Options are specified with a -o flag followed by a comma separated string of options. See the mount(8) man page for possible options and their meanings.
Should be the current location of the sub-tree in the local systems name space.
Should be a directory where the mapped subtree is to be placed.
-u uid-mapfile -g gid-mapfile
Describe the mappings to be made between identifiers. Briefly, the format of these files is a count of the number of mappings on the first line, with each subsequent line containing a single mapping. Each of these mappings consists of an id in the local environment and the corresponding id from the original environment, separated by white space. Uid-mapfile should contain all uid mappings, and gid-mapfile should contain all gid mappings. Any uids not mapped in uid-mapfile will be treated as user NOBODY, and any gids not mapped in gid-mapfile will be treated as group NULLGROUP. At most 64 uids can be mapped for a given subtree, and at most 16 groups can be mapped by a given subtree.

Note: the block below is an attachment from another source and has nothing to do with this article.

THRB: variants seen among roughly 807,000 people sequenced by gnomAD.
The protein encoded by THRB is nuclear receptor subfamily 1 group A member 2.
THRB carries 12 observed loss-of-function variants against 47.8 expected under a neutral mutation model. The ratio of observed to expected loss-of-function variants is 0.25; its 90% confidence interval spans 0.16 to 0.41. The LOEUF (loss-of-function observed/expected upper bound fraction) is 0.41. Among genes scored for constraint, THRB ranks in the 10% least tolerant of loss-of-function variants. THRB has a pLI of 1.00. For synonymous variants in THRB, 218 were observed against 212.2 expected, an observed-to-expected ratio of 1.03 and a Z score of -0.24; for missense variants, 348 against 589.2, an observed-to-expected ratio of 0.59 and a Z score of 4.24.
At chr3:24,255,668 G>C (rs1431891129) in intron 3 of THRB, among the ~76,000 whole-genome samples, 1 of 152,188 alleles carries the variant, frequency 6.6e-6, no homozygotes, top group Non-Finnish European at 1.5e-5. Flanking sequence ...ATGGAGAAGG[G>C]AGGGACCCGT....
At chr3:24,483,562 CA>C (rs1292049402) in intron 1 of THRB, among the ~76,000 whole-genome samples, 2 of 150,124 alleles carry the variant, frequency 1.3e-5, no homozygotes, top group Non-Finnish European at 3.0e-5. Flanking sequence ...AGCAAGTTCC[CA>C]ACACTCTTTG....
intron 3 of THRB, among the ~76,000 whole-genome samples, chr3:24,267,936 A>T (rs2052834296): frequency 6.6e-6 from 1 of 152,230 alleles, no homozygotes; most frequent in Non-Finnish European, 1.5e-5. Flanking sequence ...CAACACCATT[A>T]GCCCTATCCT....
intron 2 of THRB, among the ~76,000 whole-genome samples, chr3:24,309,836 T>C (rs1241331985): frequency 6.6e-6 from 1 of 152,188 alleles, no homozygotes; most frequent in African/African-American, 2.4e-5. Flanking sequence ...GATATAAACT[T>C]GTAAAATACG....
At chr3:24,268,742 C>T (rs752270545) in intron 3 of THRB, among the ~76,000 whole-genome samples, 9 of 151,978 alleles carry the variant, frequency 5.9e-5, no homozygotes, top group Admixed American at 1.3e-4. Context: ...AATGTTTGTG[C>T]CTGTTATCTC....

The mapfiles can be located anywhere in the file hierarchy, but they must be owned by root, and they must be writable only by root. The mount_umapfs utility will refuse to map the sub-tree if the ownership or permissions on these files are improper. It will also balk if the count of mappings in the first line of the map files is not correct.
The layer created by the mount_umapfs utility is meant to serve as a simple example of file system layering. It is not meant for production use. The implementation is not very sophisticated.